s which would prohibit its reproduction.
100. Record of Meeting of the Policy Planning Council/1/
Washington, June 23, 1961, 4 p.m.
/1/Source: Department of State, S/P Files: Lot 70 D 199. Secret. Drafted by Curtis.
Secretary of State Dean Rusk
The Secretary opened the meeting by saying that he wanted to give S/P his
impressions of the Vienna talks. He said that Khrushchev tried to impress
Kennedy with the idea that "communism was here to stay" and that the USSR
was "on the right side of history." The Secretary added that in this respect
Khrushchev echoed views expressed in his January 6 speech. He mentioned that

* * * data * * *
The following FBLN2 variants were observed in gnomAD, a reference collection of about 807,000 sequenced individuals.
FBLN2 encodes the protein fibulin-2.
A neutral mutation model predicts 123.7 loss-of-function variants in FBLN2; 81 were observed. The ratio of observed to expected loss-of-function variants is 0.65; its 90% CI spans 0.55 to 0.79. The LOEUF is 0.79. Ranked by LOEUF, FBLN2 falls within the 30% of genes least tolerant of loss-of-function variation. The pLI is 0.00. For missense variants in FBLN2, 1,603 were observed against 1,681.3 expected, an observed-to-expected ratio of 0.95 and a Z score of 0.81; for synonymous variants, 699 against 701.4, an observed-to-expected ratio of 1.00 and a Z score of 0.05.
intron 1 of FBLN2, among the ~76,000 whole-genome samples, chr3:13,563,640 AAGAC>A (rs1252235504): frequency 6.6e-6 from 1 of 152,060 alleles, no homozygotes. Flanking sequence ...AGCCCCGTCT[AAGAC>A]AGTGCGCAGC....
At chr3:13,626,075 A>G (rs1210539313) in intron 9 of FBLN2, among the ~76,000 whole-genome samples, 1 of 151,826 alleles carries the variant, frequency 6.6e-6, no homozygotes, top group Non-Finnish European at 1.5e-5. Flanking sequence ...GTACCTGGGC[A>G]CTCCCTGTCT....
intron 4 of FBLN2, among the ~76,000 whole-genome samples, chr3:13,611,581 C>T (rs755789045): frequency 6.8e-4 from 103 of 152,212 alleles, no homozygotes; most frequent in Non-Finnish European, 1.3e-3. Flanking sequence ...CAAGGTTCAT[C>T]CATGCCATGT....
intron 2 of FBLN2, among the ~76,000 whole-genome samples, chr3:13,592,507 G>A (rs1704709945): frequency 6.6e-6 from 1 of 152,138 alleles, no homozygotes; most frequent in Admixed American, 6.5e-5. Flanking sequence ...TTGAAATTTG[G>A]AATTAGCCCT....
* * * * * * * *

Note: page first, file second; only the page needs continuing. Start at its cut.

Khrushchev had emphasized the vitality of the Soviet system and that the
USSR was engaged in a sacred war to "rid backward nations of capitalistic
oppression"; the US had on the other hand accepted the mantle of the status
quo and our collapse was historically inevitable. The Secretary remarked that
he had told Khrushchev that he would make an excellent sales manager for General
The Secretary said that he was particularly impressed with the targets that
Khrushchev evinced--"those countries in which the Soviets find the greatest
opportunities are the same ones with which we are having the greatest difficulties."
The Secretary said that we must reexamine the situation as it existed in
the '40s to know how to deal with the present problems. The Secretary mentioned
in this context that almost every vote in the UN during the latter part
of the '40s was overwhelmingly against the Soviet bloc. Using the Troika
doctrine as a "casus belli" we must find ways and means of associating ourselves